China's economic growth slowed further in the third quarter as the European debt crisis and a weak recovery in the American economy hurt demand for its goods.
The economy grew 7.4% in the three months to the end of September compared with a year earlier, down from a 7.6% growth rate in the previous quarter.
However, other data released showed a jump in factory output, retail sales and investment in September.
Analysts say the data indicate China's economy may be stabilising, the BBC reports.
With demand for the country's exports falling lately, there had been fears of a sharp economic slowdown. These figures suggest, however, that things may be starting to pick up again.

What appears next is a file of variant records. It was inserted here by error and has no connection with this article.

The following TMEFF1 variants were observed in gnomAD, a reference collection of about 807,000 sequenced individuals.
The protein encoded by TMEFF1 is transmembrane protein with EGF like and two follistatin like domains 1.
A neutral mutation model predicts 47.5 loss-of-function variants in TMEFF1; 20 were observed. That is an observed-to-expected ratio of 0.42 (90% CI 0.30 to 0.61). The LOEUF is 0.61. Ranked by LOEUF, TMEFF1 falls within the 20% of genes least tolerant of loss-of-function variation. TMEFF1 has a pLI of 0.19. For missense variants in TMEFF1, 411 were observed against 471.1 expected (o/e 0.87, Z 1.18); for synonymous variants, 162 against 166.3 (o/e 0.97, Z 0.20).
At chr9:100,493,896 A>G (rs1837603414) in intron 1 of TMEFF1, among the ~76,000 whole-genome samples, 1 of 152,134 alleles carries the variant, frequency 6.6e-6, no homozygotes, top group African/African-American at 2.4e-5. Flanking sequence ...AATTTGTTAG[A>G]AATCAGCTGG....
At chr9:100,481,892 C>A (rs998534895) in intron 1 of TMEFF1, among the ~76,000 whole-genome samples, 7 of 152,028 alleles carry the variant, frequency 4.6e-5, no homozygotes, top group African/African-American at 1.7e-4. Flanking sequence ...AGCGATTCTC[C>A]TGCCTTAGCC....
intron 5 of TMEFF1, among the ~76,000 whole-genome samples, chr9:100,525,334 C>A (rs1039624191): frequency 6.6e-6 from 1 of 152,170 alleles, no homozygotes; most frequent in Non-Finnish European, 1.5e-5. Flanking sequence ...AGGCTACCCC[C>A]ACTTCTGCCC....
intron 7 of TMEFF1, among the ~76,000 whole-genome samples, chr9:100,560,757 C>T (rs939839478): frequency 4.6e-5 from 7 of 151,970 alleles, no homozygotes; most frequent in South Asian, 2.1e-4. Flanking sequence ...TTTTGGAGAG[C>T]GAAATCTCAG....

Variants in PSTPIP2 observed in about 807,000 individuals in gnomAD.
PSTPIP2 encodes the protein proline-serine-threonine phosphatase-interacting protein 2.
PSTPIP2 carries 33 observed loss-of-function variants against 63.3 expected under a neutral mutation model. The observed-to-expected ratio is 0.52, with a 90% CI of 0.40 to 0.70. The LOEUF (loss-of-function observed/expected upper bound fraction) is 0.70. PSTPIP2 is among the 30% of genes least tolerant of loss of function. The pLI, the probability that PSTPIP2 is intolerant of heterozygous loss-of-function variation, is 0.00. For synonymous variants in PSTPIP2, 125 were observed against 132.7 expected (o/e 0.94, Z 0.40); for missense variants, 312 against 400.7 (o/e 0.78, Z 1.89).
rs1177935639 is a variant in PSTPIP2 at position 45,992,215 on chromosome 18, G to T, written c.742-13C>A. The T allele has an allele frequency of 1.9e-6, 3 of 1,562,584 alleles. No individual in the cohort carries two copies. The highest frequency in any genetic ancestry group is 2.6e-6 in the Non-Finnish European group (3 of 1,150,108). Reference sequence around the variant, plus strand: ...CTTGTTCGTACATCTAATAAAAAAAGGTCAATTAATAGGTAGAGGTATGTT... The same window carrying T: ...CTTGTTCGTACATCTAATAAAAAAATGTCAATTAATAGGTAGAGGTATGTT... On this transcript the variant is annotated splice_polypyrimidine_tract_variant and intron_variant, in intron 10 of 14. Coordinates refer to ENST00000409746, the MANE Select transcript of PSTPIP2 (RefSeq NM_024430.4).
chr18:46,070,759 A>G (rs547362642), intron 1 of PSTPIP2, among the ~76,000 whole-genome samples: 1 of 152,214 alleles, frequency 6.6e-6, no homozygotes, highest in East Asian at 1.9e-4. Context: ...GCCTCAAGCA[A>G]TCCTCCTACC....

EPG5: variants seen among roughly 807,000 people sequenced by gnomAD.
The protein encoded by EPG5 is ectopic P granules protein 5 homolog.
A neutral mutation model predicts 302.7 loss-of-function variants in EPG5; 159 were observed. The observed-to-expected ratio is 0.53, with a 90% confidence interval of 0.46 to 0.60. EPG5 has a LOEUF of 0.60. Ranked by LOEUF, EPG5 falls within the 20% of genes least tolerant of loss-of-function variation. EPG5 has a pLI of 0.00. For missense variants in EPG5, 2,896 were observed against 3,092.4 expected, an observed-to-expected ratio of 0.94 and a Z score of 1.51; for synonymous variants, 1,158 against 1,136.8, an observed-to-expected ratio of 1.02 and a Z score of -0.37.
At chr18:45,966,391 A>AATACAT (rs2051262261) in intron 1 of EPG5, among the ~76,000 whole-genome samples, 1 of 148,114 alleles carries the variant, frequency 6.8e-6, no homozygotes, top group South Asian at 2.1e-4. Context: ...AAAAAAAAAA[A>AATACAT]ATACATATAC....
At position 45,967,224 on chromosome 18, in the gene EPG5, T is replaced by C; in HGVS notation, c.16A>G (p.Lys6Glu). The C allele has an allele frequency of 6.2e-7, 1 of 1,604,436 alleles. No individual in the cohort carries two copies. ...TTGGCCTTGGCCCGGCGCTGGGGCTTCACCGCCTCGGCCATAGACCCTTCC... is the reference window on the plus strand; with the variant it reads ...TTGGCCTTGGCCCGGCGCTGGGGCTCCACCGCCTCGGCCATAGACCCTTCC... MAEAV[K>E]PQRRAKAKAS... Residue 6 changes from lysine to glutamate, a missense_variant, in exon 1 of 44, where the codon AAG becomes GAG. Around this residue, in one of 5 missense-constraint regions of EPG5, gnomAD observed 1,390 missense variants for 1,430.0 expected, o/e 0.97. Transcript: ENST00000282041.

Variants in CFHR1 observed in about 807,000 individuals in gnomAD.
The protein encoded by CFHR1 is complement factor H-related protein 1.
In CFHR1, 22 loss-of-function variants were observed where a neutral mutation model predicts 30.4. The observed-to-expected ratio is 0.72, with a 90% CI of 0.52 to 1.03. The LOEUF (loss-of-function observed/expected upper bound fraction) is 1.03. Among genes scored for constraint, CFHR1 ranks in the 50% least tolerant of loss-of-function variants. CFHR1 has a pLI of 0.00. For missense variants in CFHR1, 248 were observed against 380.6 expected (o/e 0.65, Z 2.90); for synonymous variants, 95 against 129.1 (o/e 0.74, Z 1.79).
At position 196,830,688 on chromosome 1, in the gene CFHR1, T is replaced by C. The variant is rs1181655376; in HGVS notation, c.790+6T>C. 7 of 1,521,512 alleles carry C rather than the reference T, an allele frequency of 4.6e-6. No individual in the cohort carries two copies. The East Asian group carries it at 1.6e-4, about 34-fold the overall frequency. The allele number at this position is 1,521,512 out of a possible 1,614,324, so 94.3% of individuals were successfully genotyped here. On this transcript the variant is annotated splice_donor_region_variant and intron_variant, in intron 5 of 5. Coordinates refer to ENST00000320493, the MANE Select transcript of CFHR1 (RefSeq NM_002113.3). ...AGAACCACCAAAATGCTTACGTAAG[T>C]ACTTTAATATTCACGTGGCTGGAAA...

Industrial production rose by a more-than-expected 9.2% in September from a year earlier. That was up from 8.9% growth in August.
Meanwhile, retail sales during the month were 14.2% higher than a year ago, signalling that domestic consumption is growing.
"The September data indicates economic momentum has picked up strongly compared with July and August," says Zhang Zhiwei, the chief China economist at Nomura in Hong Kong.
The latest numbers come after trade figures released over the weekend showed a 9.9% year-on-year growth in exports during September, a big jump from the 2.7% growth recorded in the previous month.
Mr Zhang says the latest data "helps reinforce our view that growth will rebound visibly in the fourth quarter".